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Mind your peas and pods

Spring is the season to enjoy fresh green peas and sugar snaps.

Pass the peas, please: Guida Ponte, a chef at Verrill Farm in Concord, Mass., displays a risotto made with fresh peas and asparagus.

Joanne Ciccarello – staff

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Peas have long gotten a bad rap. "Eat your peas!" is a classic parent mantra, calling up images of stern mothers hovering over their children as they watch them painstakingly gulp down every last pea on their plates. But more and more, peas are not a dreaded guest at the dinner table but rather a welcome addition to any menu.

Just ask Jennifer Verrill, co-owner with her parents of Verrill Farm, a popular farm stand, bakery, and deli in Concord, Mass. "Those first peas of the season are just as exciting as the first stalks of asparagus," says Ms. Verrill, who is partial to sugar snap peas. "I love all peas, but the snap peas are so easy since you don't have to shell them."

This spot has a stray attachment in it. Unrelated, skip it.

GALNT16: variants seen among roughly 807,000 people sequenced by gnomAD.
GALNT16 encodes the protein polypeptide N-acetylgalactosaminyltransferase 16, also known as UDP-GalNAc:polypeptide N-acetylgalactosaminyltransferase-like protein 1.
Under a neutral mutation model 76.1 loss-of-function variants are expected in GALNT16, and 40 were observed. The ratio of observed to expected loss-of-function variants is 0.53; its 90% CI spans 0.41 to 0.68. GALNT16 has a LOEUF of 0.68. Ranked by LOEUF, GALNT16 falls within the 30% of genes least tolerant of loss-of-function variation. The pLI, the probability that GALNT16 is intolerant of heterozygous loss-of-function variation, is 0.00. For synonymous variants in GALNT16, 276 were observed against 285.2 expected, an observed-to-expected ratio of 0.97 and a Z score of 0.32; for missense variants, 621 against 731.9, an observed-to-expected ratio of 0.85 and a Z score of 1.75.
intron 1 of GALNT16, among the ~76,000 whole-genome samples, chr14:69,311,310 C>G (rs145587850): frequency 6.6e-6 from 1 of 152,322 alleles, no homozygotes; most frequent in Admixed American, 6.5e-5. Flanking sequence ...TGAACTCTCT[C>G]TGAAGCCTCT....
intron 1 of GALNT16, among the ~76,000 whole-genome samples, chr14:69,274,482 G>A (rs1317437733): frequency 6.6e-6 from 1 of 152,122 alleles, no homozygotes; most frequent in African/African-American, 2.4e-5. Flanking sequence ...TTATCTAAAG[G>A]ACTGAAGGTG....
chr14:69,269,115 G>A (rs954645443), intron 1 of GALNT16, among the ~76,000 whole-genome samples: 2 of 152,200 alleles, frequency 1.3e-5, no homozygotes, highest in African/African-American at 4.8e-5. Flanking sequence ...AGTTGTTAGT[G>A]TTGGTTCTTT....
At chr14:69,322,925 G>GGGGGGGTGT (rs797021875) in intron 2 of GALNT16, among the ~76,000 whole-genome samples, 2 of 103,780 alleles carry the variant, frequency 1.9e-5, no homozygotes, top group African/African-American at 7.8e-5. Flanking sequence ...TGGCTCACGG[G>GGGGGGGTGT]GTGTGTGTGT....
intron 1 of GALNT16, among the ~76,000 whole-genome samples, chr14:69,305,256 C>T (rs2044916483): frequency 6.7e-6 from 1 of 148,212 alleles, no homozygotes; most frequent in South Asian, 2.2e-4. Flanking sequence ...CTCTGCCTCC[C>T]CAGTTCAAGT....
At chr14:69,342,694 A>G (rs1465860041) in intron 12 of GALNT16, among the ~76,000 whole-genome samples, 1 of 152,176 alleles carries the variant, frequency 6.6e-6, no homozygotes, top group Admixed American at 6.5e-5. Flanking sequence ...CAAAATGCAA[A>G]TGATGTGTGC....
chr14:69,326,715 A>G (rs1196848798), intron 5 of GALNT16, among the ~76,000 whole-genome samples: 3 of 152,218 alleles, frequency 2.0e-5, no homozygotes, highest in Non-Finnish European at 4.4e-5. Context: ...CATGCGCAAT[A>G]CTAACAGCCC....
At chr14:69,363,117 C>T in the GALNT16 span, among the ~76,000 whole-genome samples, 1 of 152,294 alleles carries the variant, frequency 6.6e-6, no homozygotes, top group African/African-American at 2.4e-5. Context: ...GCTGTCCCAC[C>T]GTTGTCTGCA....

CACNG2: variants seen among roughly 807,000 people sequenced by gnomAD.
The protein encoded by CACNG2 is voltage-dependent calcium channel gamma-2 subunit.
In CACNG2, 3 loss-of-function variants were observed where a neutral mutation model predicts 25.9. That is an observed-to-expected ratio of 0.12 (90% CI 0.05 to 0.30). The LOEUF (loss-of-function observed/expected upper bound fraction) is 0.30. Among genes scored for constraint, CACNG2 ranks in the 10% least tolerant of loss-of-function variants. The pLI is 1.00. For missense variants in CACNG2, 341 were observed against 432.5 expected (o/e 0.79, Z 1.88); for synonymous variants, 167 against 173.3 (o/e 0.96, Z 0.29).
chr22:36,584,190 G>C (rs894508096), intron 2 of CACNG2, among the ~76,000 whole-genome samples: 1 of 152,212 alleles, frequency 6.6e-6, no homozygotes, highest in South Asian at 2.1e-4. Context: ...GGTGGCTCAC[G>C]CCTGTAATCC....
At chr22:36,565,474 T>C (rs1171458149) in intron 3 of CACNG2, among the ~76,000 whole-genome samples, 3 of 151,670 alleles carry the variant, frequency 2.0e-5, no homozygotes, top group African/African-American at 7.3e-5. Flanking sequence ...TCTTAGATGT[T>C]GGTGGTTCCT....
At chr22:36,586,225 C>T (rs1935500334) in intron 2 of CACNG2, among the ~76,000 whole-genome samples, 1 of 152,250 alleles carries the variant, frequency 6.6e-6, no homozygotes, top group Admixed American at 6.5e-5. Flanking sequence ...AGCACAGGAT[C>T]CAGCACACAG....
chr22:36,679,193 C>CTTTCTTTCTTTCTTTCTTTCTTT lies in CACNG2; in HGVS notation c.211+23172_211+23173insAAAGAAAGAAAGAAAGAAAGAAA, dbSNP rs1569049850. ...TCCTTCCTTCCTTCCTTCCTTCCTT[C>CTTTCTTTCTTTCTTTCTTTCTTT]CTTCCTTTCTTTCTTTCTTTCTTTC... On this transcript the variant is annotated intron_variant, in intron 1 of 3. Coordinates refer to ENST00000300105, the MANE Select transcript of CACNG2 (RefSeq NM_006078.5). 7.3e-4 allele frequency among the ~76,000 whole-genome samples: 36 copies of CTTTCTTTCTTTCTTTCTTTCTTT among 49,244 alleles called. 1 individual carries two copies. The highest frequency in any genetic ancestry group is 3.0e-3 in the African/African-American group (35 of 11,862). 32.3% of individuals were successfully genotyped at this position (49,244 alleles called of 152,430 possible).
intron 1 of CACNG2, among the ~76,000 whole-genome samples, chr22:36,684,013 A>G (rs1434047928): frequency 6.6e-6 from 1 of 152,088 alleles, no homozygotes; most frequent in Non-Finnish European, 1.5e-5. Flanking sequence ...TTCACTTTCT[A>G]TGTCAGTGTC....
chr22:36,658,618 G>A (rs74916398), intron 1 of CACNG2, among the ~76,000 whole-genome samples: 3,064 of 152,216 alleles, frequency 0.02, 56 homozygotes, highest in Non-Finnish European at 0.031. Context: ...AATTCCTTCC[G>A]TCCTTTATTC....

She and other chefs at Verrill Farm cook both traditional English peas and snap peas, incorporating them into salads, stir-fries, risotto, and a vibrant green soup.

And when Verrill returns home, she serves peas to her two young daughters, who don't have to be told to clean their plates. "It's one of the only vegetables they will eat," she says, adding that the girls like to pop the peas out of their pods – in their home kitchen and in the fields at the farm.

Verrill's father, Steve, devotes about half an acre each to the sugar snap peas and English peas (also called garden peas or green peas). When researching different varieties of peas, he looks for ones that are great tasting and have short vines that don't require trellising.


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